Another object of the invention is to provide a method of making polyvinyl formal sponges having substantially improved solvent and detergent resistance.
A further object of the invention is to provide an improved method of increasing the solvent and detergent resistance of polyvinyl formal sponges, which method is easy to carry out.
Still a further object of the invention is to provide a simple and inexpensive method of making polyvinyl formal sponges which are resistant to the action of aqueous-organic solvent mixtures and relatively strong solutions of many detergents.
These and other objects of the invention Will be readily apparent from the detailed description of preferred methods of carrying out the process which follows:
A feature of the present invention comprises treating sponge material comprising polyvinyl alcohol having about 35 to of its hydroxyl groups combinedwith formaldehyde, with a dialdehyde having more than two carbon atoms, and in thepresence of a mineral acid catalyst, such that the product contains not more than about 4% by weight of the combined dialdehyde.
Preferred examples of sponge treatment in accordance with the present invention are as follows:
Example 1.-A sponge made as described in the Wilson Patent 2,609,347 and measuring 4 /2 X 3 X 1 /2 inches when dry, and weighing about 20 grams, was immersed in a solution containing 250 ml. 15% sulfuric acid by weight and 5 g. maleic dialdehyde at 68 F. for three hours. The sponge was frequently squeezed so that the dialdehyde came into intimate contact with the sponge material. At the end of the period the sponge was well Washed with water until all the acid had been removed. The resulting sponge was unafiected by immersion ina 5% solution of a commercial alkyl-aryl sulfonate solution and only slightly weakened by standing in a mixture of 80% ethyl alcohol and 20% water.
Example 2.A sponge of the same type as described in Example 1 but measuring 7 in. thick was compressed to about /2 inch in an aqueous solution containing 15% sulfuric acid by weight and 1% succinic dialdehyde by weight. The solution was warmed to about F. and the compression force removed, thus allowing the sponge to absorb the acid solution. The pressure was again applied and the sponge removed from the solution in the compressed state. The pressure was removed and the sponge allowed to stand at the temperature indicated for half an hour, after which it was well washed with water to remove acid and unreacted aldehyde. Under these conditions,'up to about 1 gram of the dialdehyde combines with each gm. dry sponge.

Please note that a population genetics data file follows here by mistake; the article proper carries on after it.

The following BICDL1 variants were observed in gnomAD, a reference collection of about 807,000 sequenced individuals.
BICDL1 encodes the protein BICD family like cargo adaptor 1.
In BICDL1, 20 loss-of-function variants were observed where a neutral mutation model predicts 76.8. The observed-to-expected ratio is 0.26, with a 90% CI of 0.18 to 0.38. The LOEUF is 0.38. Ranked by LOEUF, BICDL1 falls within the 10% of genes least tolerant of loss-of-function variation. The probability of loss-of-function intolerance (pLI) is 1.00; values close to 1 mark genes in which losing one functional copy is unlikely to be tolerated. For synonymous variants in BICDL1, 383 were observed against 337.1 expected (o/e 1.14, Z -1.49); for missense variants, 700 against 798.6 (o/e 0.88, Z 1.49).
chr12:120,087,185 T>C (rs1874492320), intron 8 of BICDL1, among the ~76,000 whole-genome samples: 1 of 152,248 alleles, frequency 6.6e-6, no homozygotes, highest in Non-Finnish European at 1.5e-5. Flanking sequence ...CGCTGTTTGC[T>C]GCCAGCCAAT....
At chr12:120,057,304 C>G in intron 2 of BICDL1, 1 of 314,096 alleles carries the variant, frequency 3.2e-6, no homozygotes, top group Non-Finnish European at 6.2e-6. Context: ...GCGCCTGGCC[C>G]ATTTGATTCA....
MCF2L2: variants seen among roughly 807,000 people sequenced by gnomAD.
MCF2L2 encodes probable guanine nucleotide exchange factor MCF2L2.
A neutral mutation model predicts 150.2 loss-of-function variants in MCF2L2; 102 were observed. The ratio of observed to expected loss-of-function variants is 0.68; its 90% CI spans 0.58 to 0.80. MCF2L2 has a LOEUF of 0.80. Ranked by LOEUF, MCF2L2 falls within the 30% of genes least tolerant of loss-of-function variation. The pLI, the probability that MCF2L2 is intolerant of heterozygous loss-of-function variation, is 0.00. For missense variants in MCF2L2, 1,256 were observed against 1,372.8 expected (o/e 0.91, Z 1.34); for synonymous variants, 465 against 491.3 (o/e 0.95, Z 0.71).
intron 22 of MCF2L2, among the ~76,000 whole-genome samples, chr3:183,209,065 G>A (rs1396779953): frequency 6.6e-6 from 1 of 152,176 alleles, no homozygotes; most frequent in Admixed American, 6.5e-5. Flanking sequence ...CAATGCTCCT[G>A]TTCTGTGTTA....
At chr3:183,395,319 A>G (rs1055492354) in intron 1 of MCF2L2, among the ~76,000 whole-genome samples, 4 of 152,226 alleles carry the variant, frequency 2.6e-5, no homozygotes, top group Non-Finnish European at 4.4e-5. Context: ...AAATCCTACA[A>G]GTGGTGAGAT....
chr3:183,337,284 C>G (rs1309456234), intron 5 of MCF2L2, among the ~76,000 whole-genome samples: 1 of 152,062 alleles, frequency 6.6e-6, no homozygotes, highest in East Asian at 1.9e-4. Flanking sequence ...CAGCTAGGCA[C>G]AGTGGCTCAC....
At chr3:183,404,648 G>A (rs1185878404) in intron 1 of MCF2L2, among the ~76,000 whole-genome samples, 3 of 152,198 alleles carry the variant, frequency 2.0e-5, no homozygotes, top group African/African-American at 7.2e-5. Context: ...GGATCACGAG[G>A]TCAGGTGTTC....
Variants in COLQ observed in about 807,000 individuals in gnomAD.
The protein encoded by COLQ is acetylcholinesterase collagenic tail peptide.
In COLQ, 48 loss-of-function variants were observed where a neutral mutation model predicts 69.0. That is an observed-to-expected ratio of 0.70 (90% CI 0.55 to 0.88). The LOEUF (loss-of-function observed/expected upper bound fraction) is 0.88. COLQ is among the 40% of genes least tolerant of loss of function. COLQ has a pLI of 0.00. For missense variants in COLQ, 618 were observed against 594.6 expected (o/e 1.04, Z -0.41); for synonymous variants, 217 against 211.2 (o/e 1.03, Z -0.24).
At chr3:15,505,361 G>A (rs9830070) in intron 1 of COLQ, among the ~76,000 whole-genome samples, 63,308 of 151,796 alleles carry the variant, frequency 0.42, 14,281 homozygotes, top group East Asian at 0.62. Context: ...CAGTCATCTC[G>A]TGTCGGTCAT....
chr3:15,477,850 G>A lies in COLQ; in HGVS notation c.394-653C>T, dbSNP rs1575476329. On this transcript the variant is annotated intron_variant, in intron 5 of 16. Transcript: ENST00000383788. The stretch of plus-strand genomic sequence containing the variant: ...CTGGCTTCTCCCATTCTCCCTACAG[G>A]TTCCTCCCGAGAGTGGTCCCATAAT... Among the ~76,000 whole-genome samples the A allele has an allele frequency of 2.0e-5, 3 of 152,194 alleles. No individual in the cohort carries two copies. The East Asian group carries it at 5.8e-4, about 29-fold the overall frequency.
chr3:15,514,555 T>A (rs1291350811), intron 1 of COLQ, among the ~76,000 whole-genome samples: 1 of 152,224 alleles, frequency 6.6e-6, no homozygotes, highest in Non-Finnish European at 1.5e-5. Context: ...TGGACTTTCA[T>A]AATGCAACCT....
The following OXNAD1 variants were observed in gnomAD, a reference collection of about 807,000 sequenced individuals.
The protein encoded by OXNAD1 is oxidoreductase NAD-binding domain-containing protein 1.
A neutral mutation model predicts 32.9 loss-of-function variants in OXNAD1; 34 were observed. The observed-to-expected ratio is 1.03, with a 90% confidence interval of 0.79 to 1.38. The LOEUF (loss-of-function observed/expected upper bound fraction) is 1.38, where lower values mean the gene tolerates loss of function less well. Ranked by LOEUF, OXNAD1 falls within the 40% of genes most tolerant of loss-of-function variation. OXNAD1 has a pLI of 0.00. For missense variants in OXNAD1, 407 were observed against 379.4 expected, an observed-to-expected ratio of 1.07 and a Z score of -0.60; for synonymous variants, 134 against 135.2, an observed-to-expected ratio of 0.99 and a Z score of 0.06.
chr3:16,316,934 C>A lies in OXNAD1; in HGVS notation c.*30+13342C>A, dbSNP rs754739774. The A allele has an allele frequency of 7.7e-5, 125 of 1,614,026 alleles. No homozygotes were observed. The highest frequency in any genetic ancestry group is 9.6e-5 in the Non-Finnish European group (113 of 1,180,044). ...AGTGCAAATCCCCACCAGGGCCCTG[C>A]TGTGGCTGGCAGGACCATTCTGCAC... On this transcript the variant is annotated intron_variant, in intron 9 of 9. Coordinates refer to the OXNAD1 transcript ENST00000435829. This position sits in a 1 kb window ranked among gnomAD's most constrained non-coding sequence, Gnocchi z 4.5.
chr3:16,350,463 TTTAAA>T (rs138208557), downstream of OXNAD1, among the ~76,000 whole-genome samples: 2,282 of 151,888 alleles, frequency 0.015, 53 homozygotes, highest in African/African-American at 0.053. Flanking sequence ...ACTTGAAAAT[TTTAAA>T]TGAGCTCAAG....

Crude succinic dialdehyde may be used or any compound which will furnish succinic dialdehyde by hydrolysis in the acid medium. Such a compound is 2,5-diethoxytetrahydrofuran.
Higher percentages of succinic dialdehyde may be used in the acid treating solution in order to increase the amount of dialdehyde which has reacted or decrease the time required for the desired effect to be attained. The best results are obtained, however, if not more than about 4 gm. of dialdehyde are combined with each 100 gm. of dry sponge. With too much dialdehyde the sponge becomes hard and inflexible when wetted with water. With too little dialdehyde, detergent and solvent resistance is decreased.
Example 3.-A sponge similar to that described in Example 1 was allowed to absorb some of a solution containing 250 ml. 15% by weight sulfuric acid and gm. malonic dialdehyde. After frequent squeezing at 68 F. for 3 hrs., the sponge was well washed. It showed very good resistance to 5% aqueous alkyl-aryl sulfonate solution even after 3 hours immersion at room temperature.
Example 4.A sponge of the same type as in Example 1 was similarly compressed in a solution containing sulfuric acid by weight and 1% by weight glutaric dialdehyde. Most of the acid liquor was removed bysqueezing and the sponge left for half an hour at 85 F. It was then well washed as before. About 0.2 gm. of the dialdehyde had been combined with the sponge material.
The detergent resistance of the treated sponge may be tested in a number of ways. One of these is to cut strips of dry sponge say A; inch X A; inch by 2 inches and suspend them under their own weight in a-solution of sodium alkyl-aryl sulfonate of about 5% strength. Such a material is known on the market as Nacconol NRSF. Untreated sponge material swells and-after about two hours is almost dispersed. Sponges treated as above exhibit little or no swelling or disintegration. Solvent resistance is tested in a similar way by replacing the detergent with an 80% by volume solution of ethyl alcohol-in-Water. With these organic-aqueous mixtures, swelling is much more rapid than with the detergents. The treated sponges show very little effect of these solvents.